- by E Lennon
- The Guardian
- Issue #1996
The government’s proposed changes to religious freedom law have been put on an indefinite pause, following much debate in the House of Representatives.
The Coalition made the decision when it became clear that the bill had changed significantly from its original iteration.
Originally, the bill would have seen religious schools able to discriminate against LGBTQIA+ students and teachers.
On the 10th February, five Liberal MPs crossed the floor and supported the crossbench to extend protections for queer and transgender students.
Among those that crossed the floor was the Member for North Sydney, Trent Zimmerman, who was the first openly gay member of the House of Representatives.
“There are people today who are in mental anguish because of their sexuality. There are even more people in anguish because of their gender. We have to provide a legal environment that supports them,” Zimmerman said.
“Part of that is ensuring that when they’re going to school, they do so knowing, at the very least, that that school cannot legally discriminate against them, the school cannot expel them, and the school cannot penalise them in a way that they have a de facto expulsion because their life becomes so unpleasant.”
Labor MP Mike Freelander told the ABC that there are more pressing issues and that the debate over the bill prevented them from being addressed.
“It’s incredibly frustrating to me,” Freelander said.
“There are a whole lot more things we should be looking at and should be trying to do, such as the Integrity Commission. Then there’s a whole range of health issues that I think need to be properly aired and discussed, particularly aged care.”
The debate in the House of Representatives comes after the crisis in worker shortages and pressure in health and care systems continue. Earlier in February, the Minister for Aged Care Services, Richard Colbeck stated that he didn’t accept the system was in a complete crisis.
Focus on a bill that would affect LGBTQIA+ rights in the name of freedom of religious expression while nurses leave their positions in record numbers shows how detached the Morrison Government is from realities facing Australia.
Former Labor leader, Bill Shorten spoke in his capacity as Shadow Minister for the National Disability Insurance Scheme that the bill caused him concern over examples of religious discrimination against people with disabilities.
“Some documented examples of current abuse are direct statements to people of disability that their disability is punishment from God for their or their parents’ sins, or their disability can be healed by prayer,” Shorten said in his speech.
After Labor’s amendments on protections for LGBT+ children were passed, conservative Liberals and spokespeople from religious organisations called for the bill to be scrapped altogether. Those in favour of scrapping the bill after the amendments did so because they believed it “undermined” the rest of the bill.
“With the amendments so damaging to religious freedom, the government should immediately withdraw the bills,” Director of the Australian Christian Lobby, Wendy Francis said.
“The loss of this protection would outweigh any benefits that could be obtained by the religious discrimination bill […] the government should immediately withdraw the bills.”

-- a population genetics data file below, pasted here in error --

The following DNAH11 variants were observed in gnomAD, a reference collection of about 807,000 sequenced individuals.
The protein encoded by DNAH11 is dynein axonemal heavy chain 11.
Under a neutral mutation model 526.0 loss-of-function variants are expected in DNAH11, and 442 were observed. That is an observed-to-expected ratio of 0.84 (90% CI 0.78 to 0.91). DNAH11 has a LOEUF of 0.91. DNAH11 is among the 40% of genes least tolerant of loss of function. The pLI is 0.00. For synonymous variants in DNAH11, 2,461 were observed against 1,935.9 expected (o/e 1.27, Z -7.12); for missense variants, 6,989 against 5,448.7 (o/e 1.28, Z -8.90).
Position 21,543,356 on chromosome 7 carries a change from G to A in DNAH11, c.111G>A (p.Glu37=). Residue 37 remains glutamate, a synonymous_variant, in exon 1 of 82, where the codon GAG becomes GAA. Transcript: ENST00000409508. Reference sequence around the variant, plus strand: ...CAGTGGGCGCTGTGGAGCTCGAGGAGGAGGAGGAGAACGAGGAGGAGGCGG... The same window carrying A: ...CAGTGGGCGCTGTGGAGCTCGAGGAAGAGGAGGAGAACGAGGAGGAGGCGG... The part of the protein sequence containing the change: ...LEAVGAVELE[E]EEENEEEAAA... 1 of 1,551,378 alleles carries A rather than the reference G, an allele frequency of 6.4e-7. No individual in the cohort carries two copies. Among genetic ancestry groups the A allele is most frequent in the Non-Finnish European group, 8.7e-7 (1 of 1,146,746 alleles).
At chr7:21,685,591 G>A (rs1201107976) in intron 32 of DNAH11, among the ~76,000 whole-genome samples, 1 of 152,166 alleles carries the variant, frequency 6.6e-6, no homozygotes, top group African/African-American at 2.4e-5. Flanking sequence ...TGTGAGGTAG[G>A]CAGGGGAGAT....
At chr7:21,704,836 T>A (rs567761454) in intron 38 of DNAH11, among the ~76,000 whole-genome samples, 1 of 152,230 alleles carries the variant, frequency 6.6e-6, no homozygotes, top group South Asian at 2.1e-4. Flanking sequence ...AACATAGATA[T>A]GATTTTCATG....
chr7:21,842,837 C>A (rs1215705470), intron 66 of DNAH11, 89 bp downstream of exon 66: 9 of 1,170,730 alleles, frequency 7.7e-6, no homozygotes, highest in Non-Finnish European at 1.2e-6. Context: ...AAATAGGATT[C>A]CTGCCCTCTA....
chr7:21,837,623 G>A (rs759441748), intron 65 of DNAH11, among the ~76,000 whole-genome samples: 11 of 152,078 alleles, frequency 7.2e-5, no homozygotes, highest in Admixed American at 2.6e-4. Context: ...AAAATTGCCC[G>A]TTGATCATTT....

Representatives from the Islamic community expressed their concern that without the Religious Discrimination Bill, there would remain gaps in protections for Muslims in Australia.
“There are already some laws there which protect against vilification based on other attributes. It’s just as important to protect against hate speech based on a person’s religious identity,” Australian National Imams Council spokesperson, Bilal Rauf told Guardian Australia.
“We know from direct experience of people in the community that there are many who have had to deal with very acerbic comments based on them wearing the hijab or having a beard or something relating to their religious identity.”
Labor MP Peter Khalil, who is Egyptian-Australian, spoke to religious discrimination faced in both in his personal and professional life.
“This amendment goes directly to defending people of faith,” Khalil said.
“Close your eyes. Imagine yourself as a member of a Jewish family, walking to the Synagogue on the Sabbath and a car full of yobbos starts spewing an antisemitic tirade against you and your children.
“Imagine stacking shelves at a supermarket, that you’re a Sikh, that someone starts screaming at you, that you’re a terrorist. […] These are real examples of ordinary Australians and what they’ve experienced.”
Protections for Australians of diverse backgrounds and identities are crucial; yet the Australian Christian Lobby and the Morrison Government’s homophobic and transphobic bent in the proposed legislation overshadowed what could have and should have been a productive discussion about issues such as the Islamophobia, antisemitism, and racism that many Australians live with on a frequent basis.
The Morrison Government has shelved the bill; however, if the party takes out a victory in this year’s federal election, there’s no way of knowing if the bill will make a comeback. There’s also no way of knowing what further proposals, if not from this bill, and what further debates could arise from three or four more years of a Liberal Party government.
The Religious Discrimination Bill and the harmful conservative line in its original draft does not exist within a vacuum; it is indicative of a greater agenda within Canberra to align with conservative lobbyists. The Morrison Government has shown a stronger willingness to collaborate with those who hold harmful views than to listen to the lived experiences of the youngest members of the LGBT+ community, their families, and their teachers.